Report on Reducing Shotgun Wad Debris in San Francisco Bay Now Available

Posted Tue, 05/25/2021 - 14:00

Consistent shoreline monitoring and data gathering efforts are essential to understanding local marine debris issues, how they change over time, and what types of debris are most common. Between 2012 and 2018, monthly marine debris monitoring surveys were conducted at six Greater Farallones National Marine Sanctuary beaches, located on the North-Central California Coast near San Francisco, using the NOAA Marine Debris Program’s Marine Debris Monitoring and Assessment Project protocols. Data analysis identified rope, straws, bottle caps, and shotgun wads as four of the most commonly found plastic items across all surveyed sites. Shotgun wads are the plastic piece inside a shotgun shell that separates the shot from the powder, are tied to a specific activity, and are likely to originate from specific locations where hunting takes place.

Greater Farallones National Marine Sanctuary, Greater Farallones Association, and Root Solutions came together, with funding from the NOAA Marine Debris Program, to turn this data into action. They developed a project to reduce plastic shotgun wad debris from entering San Francisco Bay and depositing onto coastal beaches. Hunters were encouraged to pick up their own shotgun wad debris and any others they saw. In order to encourage these behaviors, shotgun wad disposal receptacles were installed for three weeks in January 2020 at two hunting reserves in San Francisco Bay: Don Edwards San Francisco National Wildlife Refuge (Don Edwards) and Eden Landing Ecological Reserve (Eden Landing). In-person interviews and surveys with hunters and reserve managers provided valuable insight on receptacle size, type, and location, and educational signage. 

The results of the pilot project affirmed that a behavior change campaign is an effective way to address this type of marine debris that can be easily connected to a specific activity and location. The pilot project is documented in the report, “A Behavior Change Campaign to Reduce Plastic Shotgun Wad Debris on the North-Central California Coast.” The report provides recommendations to reduce shotgun wads in sanctuary and adjacent waters and on beaches by partnering with hunting reserves and hunters to pick up and properly dispose of shotgun wads. It also shares the lessons learned through carrying out this pilot project. These include suggestions for creating or improving upon existing shotgun wad reduction behavior change campaigns; the lack of alternative biodegradable ammunition and suggestions for procurement of alternatives in retail stores; the role policy and legislation can play in incentivizing or promoting biodegradable ammunition; and financial investment options for reducing manufacturing costs.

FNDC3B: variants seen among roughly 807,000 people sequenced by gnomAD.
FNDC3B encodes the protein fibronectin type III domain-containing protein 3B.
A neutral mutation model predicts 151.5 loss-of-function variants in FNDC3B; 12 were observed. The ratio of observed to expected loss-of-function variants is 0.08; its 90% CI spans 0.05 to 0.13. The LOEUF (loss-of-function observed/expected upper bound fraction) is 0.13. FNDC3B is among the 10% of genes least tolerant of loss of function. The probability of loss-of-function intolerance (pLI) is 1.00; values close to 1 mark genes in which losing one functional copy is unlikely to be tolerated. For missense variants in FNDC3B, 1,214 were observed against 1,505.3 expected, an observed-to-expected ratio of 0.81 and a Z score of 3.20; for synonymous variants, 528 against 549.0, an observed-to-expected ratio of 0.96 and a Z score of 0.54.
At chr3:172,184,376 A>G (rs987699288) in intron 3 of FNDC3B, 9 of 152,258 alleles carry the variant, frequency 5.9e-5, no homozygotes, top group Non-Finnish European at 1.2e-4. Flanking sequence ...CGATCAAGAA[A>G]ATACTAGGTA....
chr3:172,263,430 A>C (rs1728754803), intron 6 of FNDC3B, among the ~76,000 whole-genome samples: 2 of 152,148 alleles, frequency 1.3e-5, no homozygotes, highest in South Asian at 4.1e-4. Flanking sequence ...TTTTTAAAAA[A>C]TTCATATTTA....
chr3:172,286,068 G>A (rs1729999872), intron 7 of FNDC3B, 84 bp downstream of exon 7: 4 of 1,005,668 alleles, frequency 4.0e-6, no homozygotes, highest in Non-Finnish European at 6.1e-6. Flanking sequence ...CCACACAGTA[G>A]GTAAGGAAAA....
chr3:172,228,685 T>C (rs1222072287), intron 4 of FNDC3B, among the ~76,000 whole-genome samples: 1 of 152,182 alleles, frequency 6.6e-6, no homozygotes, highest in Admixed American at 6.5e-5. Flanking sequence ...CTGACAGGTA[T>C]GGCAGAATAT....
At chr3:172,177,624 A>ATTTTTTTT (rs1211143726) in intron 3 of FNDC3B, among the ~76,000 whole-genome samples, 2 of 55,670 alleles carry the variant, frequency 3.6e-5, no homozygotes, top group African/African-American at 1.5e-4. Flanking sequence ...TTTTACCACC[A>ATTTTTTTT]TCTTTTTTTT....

The cover of the shotgun wad report.
The report “A Behavior Change Campaign to Reduce Plastic Shotgun Wad Debris on the North-Central California Coast” is now available (Credit: NOAA Office of National Marine Sanctuaries).

This pilot project is an important first step for utilizing behavior change campaigns to address the issue of marine debris. Understanding and including the beliefs and values of the waterfowl hunting community to reduce shotgun wad debris was essential to this campaign. This report can serve as a roadmap for addressing environmental issues through behavior change campaigns that design and implement strategies based on the beliefs and values that influence the behavior of the target audience. It is a great example of how a robust dataset on the types and abundances of marine debris in the environment can inform prevention initiatives.

Report on Reducing Shotgun Wad Debris in San Francisco Bay Now Available

Posted Tue, 05/25/2021 - 14:00

Richard

Tue, 05/25/2021 - 17:19

Great blog. I know this article is about the Pacific coast but on the island of Guernsey (between France and England (north east Atlantic) plastic shotgun cartridges and plastic wads wash up. Some will be of local origin but we think some may float across the North Atlantic from North America. We don't know if there are markings that could tell us the origin of the plastic shotgun cartridges and the plastic wads. Some cartridges and wads I have collected here: https://www.sealordphotography.net/search#q=plastic+shotgun+cartridges&i=0

Jill Bartolotta

Fri, 06/04/2021 - 12:33

A huge issue for us here along the coast of Lake Erie in Ohio. Thank you for your work and for providing a roadmap so we may implement a similar project in our area.

Jill

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